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As cyber risk increases, business leaders are seeking greater visibility and understanding of their organizations’ security programs. Their goal is to understand where cyber security risks are, where to invest resources, and how these investments are paying off.
Yet the data generated by security platforms and reporting tools is sometimes very technical in nature and doesn’t provide a complete picture of risk. With less-technically skilled individuals on the board and in the C-suite taking on increasingly significant roles in cybersecurity oversight, it’s useful to provide more straightforward, aggregated information. Cyber security dashboards are an effective way to do this, especially for your board of directors.
By boiling down volumes of technical details into easy-to-understand metrics, you can facilitate data-driven conversations and communicate the broad spectrum of cyber risk your company faces.
Since each organization’s security priorities differ, there isn't a single approach towards creating the best report for your board. But here are some of the more commonly requested and valuable cybersecurity KPIs that can be integrated into any dashboard.
1. Security rating
A security rating is a critical metric that indicates your organization’s overall security performance and supports rapid and meaningful decision making by executives.
Similar to a credit score, BitSight Security Ratings range in value from 250 to 900, with a higher rating equaling better security performance. Your security rating also provides insight into your organization’s likelihood of experiencing a data breach – companies with a rating of 500 or lower are nearly five times more likely to be breached than those with a rating of 700 or higher.
2. Average vendor security rating over time
BitSight Security Ratings can also be used to continuously monitor the security performance of your vendors and third parties. With this insight, you communicate any risk in your vendor portfolio to the board so they can make data-driven decisions about third-party risk management (TPRM) policies.
While individual vendor security ratings are an important metric to monitor, be sure to track the average rating of all your vendors over time so that the board can see at-a-glance whether your TPRM program is getting results.
3. Patching cadence grade
Patching cadence is a measure of how quickly critical security patches are applied and can be graded on a scale from A to F.
Patching cadence is an important KPI, since a failure to apply patches in a timely manner can expose your organization to cyber risk. When BitSight analyzed hundreds of ransomware events, we found that organizations that delay applying patches are more likely to be victims of ransomware. In fact, organizations with a patching cadence grade of D or F are seven times more likely to experience a ransomware event compared to those with an A grade.
4. Intrusion attempts within a given period
Intrusion attempts are unauthorized efforts to access your networks and are recorded by your intrusion detection/prevention system. In addition to communicating the true risk your systems face, this KPI can indicate whether improvements in your security program are having a positive impact over time.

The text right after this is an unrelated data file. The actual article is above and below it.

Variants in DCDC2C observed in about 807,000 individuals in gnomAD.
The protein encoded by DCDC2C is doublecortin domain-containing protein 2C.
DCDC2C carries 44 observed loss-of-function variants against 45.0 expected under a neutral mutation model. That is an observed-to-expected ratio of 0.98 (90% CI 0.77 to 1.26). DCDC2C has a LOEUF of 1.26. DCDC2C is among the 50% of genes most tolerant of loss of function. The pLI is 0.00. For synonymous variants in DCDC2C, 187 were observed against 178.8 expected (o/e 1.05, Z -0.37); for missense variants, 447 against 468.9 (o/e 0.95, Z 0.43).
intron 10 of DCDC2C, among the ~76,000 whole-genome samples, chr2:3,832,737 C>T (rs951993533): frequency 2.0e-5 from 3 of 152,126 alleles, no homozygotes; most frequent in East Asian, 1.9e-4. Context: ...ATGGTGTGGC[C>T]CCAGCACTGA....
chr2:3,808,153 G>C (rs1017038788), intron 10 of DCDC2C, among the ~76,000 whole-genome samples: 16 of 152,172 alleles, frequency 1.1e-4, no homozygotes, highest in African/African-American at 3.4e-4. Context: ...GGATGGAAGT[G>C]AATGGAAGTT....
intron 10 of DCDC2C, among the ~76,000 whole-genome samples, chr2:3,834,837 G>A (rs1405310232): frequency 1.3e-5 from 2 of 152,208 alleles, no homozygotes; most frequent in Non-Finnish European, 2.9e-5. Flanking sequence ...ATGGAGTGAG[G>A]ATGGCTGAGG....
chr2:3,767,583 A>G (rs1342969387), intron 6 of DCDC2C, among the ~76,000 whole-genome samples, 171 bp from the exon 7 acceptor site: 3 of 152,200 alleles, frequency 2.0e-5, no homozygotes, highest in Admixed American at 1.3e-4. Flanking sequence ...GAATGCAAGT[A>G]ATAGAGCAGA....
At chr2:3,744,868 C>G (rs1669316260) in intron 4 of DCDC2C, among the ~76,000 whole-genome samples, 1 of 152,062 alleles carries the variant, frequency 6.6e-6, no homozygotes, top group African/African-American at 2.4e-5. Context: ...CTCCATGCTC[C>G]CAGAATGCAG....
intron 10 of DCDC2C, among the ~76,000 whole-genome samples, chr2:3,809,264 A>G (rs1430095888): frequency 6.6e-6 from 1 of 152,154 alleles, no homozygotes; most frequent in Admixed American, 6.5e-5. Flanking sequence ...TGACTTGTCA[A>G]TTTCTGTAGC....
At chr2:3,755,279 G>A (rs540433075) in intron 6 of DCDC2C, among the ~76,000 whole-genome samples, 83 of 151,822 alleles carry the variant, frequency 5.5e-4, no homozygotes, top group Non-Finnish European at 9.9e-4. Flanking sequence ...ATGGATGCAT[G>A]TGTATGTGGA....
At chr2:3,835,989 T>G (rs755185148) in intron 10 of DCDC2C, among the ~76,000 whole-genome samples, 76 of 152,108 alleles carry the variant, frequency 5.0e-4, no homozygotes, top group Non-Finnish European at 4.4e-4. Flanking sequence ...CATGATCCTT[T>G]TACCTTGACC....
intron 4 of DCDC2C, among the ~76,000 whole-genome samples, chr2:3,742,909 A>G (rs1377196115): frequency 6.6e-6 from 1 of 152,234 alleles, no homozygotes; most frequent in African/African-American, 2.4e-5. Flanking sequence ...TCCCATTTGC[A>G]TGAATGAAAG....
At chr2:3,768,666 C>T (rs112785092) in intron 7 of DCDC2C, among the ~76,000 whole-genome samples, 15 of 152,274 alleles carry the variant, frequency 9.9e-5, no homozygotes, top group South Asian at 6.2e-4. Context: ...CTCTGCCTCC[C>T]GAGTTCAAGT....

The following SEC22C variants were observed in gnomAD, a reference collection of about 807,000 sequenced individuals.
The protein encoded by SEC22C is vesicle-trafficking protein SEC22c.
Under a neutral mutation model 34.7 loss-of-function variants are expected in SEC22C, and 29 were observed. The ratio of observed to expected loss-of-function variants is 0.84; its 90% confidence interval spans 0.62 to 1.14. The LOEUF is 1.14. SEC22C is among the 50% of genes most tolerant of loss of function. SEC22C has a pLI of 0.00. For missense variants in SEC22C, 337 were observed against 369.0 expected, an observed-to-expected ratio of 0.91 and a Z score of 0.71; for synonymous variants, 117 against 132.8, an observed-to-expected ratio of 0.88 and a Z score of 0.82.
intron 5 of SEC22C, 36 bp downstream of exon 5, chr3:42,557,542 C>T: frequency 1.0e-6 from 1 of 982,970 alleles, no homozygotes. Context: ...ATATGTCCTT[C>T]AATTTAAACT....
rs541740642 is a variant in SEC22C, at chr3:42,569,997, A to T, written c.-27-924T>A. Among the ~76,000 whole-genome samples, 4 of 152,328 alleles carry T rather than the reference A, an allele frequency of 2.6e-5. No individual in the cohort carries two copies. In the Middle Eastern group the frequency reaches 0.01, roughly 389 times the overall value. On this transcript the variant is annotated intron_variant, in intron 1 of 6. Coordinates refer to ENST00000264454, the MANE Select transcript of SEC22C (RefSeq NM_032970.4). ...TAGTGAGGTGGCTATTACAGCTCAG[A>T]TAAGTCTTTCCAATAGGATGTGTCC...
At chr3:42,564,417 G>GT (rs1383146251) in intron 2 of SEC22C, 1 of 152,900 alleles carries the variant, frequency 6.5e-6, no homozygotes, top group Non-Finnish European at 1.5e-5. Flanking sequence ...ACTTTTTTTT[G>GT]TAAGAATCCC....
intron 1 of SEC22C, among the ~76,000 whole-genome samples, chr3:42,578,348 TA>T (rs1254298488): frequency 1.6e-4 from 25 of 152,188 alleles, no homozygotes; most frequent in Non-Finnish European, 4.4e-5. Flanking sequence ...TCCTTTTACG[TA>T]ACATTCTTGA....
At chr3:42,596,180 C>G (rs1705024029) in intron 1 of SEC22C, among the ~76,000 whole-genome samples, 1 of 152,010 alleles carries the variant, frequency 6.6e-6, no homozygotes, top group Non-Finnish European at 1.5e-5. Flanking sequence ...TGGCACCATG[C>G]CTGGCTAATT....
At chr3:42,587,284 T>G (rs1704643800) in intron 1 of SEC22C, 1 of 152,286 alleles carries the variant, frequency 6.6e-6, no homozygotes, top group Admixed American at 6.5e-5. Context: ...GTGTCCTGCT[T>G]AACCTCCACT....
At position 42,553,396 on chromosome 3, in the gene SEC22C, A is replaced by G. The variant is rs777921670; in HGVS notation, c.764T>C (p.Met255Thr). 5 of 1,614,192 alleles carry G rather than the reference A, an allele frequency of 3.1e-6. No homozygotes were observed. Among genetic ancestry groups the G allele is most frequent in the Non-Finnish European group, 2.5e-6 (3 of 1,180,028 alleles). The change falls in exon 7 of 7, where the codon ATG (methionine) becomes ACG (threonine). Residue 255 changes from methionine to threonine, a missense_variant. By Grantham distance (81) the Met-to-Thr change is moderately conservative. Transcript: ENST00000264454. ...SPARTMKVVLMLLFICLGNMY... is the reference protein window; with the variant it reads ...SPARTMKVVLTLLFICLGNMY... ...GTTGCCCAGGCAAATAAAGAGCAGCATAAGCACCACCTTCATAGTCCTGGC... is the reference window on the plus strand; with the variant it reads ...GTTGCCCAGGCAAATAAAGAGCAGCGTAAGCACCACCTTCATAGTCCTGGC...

5. Mean time to detect/resolve
Mean time to detect (MTTD) is a measurement of how long it takes your security team to become aware of a potential security incident and is an indicator of the effectiveness of your security operations. MTTD metrics can be sourced from your security incident and event management (SIEM) platform.
Mean time to resolve (MTTR) is also tracked by your SIEM and measures the time to remediate a threat after it has been discovered. If your MTTR is trending upwards, it could indicate that the board needs to allocate more resources to the security operations center.
6. Phishing test results
Phishing emails are among the most common attack vectors for ransomware. Performing a phishing test – sending mock phishing emails to employees and seeing how they react – is one of the best ways to determine the human-related risk your organization faces, as well as the urgency of security awareness. This KPI is available from the phishing simulation solution or managed phishing service provider.
7. Instances of shadow IT
It is becoming increasingly common for hackers to exploit shadow IT, such as cloud software and external devices and technologies that are connected to a company's network without the knowledge of the IT department. Since they are not vetted through the typical onboarding process, these non-approved technologies may have security standards that fall below your normal risk thresholds.
Monitoring and reporting instances of shadow IT isn’t easy. But with BitSight Attack Surface Analytics, you can continuously discover hidden assets and cloud instances on your network – and their inherent risk to your business. With this insight, the board of directors can develop security policies and enforcement guidelines to reign in the risk posed by shadow IT.
Choosing the right KPIs
Choosing metrics for a cyber security dashboard for the board of directors can be a high-stakes exercise. The right KPIs can help executives and board members clearly understand the risks facing your organization and gain support for security budgets and programs. On the other hand, KPIs that are too technical or confusing can derail discussions or fail to gain traction.
Focus on metrics that aren’t reliant on guesswork, are accurate, and will be understood by individuals with non-technical backgrounds. The most important KPIs should also be calculated quickly and easily, and not require hours to export, manipulate, and calculate.
The list above is just a sampling of cyber security dashboard KPIs. For a more comprehensive list, check out 16 At-a-Glance Cyber Security KPIs to Add to Your Dashboard.